Does CRISPR Have a Bias Problem?
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Recent scientific papers report errors in CRISPR gene editing linked to ancestry. Specifically, greater genomic diversity, like that found in African populations, makes it less likely that the guide RNA used to target the area to be edited will find the target.
That results in false negatives in cancer in some cases. In others, it results in erroneous edits that can contribute to the onset of cancer.
In 2017, researchers published the first data showing a link between ancestry and off-target effects from CRISPR. This affects not only cancer, but other diseases that are linked to ancestry, such as sickle cell disease. As CRISPR use continues to expand, so can the implications of ancestry bias in CRISPR technology.
CRISPR uses a short strand of RNA made from a reference genome to guide the technology to the area to be edited. The usual reference genome, however, is less diverse than genomes from African populations, so errors ensue.
“This is a significant issue,” Luca Pinello, Ph.D., associate member, epigenomics, The Broad Institute, told BioSpace.
Researchers found CRISPR failed to knock out between 2% and 5% of the genes, according to a paper by Sean Misek, Ph.D., postdoctoral associate at The Broad Institute.
The team analyzed 611 CRISPR/Cas9 experiments as part of the Cancer Dependency Map, which involved 18,000 genes in 1,000 cancer cell lines.
Misek and his team found errors in CRISPR guide design across all ancestry groups, cell models and CRISPR guide libraries the researchers evaluated, but errors were 20% more common in cell lines from those of African descent than those of other ancestries.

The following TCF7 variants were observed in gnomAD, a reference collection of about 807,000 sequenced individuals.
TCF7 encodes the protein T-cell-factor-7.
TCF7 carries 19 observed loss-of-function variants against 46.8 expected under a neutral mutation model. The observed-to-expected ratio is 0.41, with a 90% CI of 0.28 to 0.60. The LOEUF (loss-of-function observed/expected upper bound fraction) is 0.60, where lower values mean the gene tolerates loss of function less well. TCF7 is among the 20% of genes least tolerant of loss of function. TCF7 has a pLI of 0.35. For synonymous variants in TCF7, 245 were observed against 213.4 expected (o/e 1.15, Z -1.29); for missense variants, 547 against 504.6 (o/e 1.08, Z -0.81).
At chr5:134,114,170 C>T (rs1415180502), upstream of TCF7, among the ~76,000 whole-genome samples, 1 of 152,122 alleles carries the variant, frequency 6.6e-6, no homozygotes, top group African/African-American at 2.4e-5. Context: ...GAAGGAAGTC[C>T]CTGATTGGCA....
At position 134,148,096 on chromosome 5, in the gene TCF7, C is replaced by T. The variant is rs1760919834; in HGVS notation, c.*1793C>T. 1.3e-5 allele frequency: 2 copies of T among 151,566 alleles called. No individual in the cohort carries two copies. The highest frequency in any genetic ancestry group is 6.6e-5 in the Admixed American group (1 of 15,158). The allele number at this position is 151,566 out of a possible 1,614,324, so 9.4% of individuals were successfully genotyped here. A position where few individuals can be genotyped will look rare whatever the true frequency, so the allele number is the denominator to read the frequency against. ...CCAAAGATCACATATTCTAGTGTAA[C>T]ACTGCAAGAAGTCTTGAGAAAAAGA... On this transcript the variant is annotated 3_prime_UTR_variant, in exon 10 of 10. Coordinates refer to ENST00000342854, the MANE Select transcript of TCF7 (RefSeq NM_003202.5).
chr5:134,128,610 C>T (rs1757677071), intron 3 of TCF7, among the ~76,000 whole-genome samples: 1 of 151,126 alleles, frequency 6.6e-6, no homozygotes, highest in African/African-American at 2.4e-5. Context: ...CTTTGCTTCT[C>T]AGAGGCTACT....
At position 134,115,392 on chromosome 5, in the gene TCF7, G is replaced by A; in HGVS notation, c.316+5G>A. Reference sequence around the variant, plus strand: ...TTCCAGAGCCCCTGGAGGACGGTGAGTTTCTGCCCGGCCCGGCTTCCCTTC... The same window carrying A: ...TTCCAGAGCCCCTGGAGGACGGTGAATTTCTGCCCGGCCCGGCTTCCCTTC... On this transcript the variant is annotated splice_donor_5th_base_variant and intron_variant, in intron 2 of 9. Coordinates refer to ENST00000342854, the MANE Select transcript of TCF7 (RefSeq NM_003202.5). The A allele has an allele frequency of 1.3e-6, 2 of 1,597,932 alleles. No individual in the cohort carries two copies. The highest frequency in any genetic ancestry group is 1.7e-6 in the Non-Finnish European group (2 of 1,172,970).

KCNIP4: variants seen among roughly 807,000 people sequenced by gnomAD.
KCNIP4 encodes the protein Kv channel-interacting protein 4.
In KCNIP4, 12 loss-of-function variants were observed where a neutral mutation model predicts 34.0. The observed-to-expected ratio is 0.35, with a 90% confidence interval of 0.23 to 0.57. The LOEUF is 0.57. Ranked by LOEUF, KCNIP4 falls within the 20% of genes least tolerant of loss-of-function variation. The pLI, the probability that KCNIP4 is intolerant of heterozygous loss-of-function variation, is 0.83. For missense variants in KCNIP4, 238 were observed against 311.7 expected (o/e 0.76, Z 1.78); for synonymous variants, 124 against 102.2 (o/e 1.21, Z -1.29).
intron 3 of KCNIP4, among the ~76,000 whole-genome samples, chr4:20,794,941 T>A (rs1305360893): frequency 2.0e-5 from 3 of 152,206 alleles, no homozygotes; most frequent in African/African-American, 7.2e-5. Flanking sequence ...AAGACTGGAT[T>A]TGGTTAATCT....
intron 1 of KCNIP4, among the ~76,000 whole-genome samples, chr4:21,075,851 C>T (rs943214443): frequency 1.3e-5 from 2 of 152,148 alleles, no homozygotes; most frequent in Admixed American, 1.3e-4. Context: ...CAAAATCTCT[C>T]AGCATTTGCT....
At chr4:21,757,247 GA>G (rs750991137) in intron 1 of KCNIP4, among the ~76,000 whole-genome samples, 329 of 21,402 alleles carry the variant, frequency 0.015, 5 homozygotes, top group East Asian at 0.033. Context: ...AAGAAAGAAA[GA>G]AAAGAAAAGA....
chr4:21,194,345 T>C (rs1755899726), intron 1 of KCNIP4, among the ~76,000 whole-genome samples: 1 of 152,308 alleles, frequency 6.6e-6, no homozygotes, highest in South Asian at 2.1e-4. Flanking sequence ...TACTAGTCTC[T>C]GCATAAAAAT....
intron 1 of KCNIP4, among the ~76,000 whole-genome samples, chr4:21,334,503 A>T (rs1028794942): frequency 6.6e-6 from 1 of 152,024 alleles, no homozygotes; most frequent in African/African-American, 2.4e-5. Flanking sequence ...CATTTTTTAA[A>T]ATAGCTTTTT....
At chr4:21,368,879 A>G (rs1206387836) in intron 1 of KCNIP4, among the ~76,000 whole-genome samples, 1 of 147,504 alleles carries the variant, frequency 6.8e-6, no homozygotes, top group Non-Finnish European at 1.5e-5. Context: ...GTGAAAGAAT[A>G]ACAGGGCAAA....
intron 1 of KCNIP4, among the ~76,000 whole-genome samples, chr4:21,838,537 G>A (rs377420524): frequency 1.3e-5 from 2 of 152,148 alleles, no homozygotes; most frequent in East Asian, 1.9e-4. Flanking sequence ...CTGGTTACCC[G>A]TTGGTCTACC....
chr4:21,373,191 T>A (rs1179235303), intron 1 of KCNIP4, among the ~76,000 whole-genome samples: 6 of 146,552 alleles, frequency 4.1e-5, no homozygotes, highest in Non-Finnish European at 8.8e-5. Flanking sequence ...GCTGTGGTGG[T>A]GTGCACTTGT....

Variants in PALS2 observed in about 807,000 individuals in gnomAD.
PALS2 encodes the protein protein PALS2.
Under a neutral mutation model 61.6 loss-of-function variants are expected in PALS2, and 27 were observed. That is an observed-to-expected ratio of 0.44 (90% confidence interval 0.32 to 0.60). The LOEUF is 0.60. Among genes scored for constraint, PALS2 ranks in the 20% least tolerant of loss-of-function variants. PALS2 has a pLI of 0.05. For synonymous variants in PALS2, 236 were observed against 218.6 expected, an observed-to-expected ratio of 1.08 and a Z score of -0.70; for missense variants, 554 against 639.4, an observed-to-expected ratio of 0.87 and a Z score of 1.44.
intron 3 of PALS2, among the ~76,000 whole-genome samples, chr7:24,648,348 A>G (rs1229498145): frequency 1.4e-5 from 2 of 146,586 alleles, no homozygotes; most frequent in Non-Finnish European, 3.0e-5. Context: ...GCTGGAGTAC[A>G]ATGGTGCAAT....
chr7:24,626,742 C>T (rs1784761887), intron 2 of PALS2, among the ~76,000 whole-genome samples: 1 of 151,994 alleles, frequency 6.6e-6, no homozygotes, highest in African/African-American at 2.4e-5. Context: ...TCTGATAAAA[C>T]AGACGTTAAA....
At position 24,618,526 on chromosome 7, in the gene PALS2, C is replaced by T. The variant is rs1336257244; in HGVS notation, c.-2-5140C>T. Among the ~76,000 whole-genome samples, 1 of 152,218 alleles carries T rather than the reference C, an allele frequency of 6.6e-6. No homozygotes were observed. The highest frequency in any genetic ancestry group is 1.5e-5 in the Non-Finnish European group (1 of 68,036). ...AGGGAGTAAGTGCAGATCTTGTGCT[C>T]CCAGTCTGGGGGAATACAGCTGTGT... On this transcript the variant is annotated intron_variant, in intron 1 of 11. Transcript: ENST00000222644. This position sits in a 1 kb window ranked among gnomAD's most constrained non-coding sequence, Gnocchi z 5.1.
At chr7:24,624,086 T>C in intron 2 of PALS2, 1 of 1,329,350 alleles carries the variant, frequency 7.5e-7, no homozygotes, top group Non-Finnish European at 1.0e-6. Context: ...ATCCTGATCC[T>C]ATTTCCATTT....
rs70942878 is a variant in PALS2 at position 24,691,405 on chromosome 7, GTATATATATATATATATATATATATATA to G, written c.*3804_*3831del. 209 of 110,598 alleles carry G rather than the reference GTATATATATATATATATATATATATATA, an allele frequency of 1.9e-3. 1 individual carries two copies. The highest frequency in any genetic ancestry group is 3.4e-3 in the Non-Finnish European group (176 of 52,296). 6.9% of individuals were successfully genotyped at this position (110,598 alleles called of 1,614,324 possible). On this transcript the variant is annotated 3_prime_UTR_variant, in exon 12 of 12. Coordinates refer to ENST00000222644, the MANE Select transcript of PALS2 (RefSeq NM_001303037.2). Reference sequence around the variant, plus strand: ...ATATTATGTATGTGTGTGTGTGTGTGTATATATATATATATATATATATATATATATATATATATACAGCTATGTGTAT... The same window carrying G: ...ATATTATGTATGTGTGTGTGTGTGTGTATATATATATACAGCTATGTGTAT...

In a separate paper, Pinello’s lab showed that ancestry-related errors related to genetic variants could modify gene-editing outcomes by causing cutting errors. He said cutting the genome in the wrong place could lead to the development of cancer.
The issue of CRISPR ancestry bias was reported in the scientific literature about five years ago. Still, it has been challenging for researchers without a computational background to identify the variability rates at specific locations in the genome.
“There have been only a few tools developed to make it easy for non-computationalists to design better guides,“ Misek said.
There are several approaches aimed at reducing ancestry bias.
Some scientists have tried designing CRISPR guide libraries that avoid targeting regions with high variability. Those libraries have significantly reduced the problem of ancestry bias, but they have not eliminated it.
Pinello’s team is developing a tool, CRISPRme, that nominates off-target sites by considering single-nucleotide polymorphisms and indel genetic variants.
Editas already released a tool to take genetic variants into account to reduce ancestry-related bias.
Scientists are trying to eliminate ancestry bias in research, too.
Misek noted projects to design a new reference genome that accounts for ancestry variability and multi-ancestry (rather than primarily European) genome-wide association studies.
At the experimental level, the problem sometimes is the need for more awareness, Misek said.
In Pinello’s study, “The SNP-associated off-target that we discovered wasn’t described…in the initial clinical report, so presumably, it was unknown at the time of the clinical trial design,” he said.
At the same time, a dearth of computational methods to identify off-target sites made it easy for scientists to fail to consider genetic variants in the off-target nomination process.
“We need to do a better job accounting for ancestry and genetic diversity in basic science,” Misek said.
Adding more African cell lines to the databases may help resolve the issue, but more than that is needed.
As awareness of the issue grows, the development of variant-aware off-target assessment will become routine soon, Pinello said. That’s because the experimental methods to validate off-target assessment tools are readily available.